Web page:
Major physical processes that influence the forecast accuracy for the very short term

Jimy Dudhia, NCAR

The use of NWP models at very short range (0-6 hours) is considered to have the potential to improve
over extrapolative techniques in highly nonlinear situations. The most obvious of these is the development
of convective systems, but there may also be benefit in the interaction of weather systems with complex
terrain where models may be able to resolve high-resolution flow features fairly quickly after initialization.
For convective systems, the challenge is not just in the data assimilation to initialize a correctly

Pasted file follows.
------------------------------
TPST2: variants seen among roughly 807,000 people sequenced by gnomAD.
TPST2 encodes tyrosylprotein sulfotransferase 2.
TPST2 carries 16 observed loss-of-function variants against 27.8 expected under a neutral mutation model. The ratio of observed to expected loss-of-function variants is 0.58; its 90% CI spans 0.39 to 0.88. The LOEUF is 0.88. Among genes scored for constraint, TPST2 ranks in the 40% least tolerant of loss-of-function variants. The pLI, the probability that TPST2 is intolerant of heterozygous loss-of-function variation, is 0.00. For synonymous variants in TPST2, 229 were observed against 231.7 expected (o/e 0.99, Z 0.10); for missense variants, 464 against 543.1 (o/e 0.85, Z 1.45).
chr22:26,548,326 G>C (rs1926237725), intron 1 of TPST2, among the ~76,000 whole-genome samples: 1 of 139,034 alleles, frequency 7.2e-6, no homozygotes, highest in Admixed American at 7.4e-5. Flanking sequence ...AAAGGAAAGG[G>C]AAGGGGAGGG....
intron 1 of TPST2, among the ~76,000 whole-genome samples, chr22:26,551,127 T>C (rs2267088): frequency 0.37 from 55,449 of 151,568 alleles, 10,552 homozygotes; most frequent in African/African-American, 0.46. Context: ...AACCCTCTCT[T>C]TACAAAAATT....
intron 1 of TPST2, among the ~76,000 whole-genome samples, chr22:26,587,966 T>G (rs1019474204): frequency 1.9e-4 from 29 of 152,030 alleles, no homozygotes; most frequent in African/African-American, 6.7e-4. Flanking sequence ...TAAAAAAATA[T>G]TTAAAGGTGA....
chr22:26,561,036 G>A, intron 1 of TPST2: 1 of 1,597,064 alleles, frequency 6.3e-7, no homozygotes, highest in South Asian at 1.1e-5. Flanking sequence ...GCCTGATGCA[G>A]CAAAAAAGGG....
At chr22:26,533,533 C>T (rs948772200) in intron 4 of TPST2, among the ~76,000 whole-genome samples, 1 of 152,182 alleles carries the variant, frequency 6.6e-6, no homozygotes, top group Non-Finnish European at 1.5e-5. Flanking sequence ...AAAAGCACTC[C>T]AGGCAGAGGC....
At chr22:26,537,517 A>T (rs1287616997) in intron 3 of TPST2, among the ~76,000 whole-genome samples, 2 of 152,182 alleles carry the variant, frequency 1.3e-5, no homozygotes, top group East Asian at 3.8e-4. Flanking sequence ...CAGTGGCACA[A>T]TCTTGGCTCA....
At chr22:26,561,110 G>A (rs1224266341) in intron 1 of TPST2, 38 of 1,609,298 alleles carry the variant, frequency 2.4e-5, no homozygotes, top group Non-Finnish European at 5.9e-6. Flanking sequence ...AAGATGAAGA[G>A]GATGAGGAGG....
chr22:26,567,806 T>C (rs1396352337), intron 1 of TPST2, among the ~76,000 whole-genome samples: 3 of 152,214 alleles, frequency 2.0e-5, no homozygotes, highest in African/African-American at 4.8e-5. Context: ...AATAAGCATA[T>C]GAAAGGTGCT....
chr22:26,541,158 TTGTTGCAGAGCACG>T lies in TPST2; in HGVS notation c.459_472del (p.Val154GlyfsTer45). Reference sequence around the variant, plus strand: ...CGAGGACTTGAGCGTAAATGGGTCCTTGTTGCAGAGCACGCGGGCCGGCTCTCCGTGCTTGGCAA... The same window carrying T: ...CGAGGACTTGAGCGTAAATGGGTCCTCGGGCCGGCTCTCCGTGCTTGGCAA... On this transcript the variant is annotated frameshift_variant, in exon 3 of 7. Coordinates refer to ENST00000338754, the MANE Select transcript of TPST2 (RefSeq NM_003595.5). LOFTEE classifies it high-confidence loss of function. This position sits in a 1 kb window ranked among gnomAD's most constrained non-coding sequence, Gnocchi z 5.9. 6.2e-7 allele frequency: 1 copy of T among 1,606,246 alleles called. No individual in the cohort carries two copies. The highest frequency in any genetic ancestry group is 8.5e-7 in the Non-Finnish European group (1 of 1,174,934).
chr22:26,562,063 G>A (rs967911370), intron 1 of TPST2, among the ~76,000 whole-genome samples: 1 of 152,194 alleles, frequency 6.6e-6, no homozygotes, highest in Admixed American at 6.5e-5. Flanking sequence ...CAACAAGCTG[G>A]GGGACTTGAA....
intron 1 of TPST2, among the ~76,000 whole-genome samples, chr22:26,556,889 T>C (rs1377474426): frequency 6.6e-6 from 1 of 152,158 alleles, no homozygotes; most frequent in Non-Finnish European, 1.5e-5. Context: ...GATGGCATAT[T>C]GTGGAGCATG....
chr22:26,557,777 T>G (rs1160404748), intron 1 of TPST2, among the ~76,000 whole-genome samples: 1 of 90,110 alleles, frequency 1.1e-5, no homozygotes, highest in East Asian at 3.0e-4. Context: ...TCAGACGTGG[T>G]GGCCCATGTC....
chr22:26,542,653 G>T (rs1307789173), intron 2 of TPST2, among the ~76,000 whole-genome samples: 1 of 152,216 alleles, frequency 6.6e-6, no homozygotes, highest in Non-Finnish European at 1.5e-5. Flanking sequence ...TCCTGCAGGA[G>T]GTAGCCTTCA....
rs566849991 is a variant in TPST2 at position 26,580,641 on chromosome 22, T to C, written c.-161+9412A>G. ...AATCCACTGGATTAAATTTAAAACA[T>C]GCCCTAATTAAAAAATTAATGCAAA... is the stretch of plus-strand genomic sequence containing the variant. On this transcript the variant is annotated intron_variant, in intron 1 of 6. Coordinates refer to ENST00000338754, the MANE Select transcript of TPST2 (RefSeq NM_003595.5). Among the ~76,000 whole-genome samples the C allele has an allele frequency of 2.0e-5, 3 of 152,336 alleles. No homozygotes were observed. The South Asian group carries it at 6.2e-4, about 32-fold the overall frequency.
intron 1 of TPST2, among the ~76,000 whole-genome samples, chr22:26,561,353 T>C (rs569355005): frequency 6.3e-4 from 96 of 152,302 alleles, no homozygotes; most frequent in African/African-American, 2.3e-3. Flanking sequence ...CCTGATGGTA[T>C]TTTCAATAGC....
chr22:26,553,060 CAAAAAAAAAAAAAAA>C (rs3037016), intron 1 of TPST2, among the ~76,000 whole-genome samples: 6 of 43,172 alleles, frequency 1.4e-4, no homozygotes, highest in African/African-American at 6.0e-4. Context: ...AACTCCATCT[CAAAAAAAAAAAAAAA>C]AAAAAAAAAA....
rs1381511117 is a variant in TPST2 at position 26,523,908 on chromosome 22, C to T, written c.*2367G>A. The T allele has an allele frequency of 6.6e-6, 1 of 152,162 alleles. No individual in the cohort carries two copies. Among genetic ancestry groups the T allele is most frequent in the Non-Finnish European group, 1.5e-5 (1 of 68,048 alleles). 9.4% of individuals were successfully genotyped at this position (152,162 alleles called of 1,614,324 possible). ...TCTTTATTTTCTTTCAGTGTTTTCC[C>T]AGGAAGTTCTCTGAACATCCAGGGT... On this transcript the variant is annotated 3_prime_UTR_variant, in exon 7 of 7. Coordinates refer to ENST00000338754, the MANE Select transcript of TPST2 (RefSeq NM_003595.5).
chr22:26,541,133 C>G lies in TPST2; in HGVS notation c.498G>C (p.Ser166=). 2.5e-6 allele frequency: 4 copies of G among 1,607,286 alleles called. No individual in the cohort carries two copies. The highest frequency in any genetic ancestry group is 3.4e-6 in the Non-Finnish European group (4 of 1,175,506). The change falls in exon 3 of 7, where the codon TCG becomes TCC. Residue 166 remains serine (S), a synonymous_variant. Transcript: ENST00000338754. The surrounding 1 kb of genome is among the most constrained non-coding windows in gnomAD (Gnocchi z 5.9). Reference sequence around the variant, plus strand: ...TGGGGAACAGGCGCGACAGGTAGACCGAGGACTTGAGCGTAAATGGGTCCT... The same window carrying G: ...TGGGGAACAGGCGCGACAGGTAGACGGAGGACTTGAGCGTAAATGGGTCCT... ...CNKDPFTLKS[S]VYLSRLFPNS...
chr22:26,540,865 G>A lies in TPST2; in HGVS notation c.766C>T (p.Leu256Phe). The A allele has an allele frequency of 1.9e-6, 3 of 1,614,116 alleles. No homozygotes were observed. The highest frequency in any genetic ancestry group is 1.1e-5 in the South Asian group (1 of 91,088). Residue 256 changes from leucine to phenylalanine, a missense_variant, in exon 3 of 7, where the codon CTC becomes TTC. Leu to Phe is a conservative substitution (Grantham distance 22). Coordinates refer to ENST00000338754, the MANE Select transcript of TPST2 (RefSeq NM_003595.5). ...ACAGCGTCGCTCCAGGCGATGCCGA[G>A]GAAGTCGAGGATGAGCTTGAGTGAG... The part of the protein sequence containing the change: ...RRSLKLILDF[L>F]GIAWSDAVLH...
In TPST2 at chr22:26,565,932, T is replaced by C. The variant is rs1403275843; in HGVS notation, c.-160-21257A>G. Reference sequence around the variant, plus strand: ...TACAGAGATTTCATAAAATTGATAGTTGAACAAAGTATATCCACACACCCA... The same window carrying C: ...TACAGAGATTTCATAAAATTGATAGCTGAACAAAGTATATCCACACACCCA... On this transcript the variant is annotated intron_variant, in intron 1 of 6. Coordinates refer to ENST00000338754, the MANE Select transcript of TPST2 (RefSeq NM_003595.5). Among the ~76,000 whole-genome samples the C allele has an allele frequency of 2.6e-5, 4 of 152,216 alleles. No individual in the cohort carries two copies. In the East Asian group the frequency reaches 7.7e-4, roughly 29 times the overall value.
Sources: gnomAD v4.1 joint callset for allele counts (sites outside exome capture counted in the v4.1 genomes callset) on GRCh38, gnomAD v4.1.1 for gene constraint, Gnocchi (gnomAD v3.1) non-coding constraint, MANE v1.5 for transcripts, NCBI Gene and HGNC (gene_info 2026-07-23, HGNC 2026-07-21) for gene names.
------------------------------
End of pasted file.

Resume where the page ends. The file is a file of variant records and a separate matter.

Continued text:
structured storm, but also in the physics to maintain a realistic development. Models with grid sizes
near 1 km can represent realistic severe convective systems well, but physics parameterizations are
known to affect their evolution. A particular example is in the microphysics where uncertainty in
particle size distributions lead to uncertainty in the evaporation rate, which in turn affects the
development or sustenance of the cold pool which impacts the further evolution and propagation of the
system within the first hours. The talk will address this and other physics uncertainties in the context
of short-range prediction.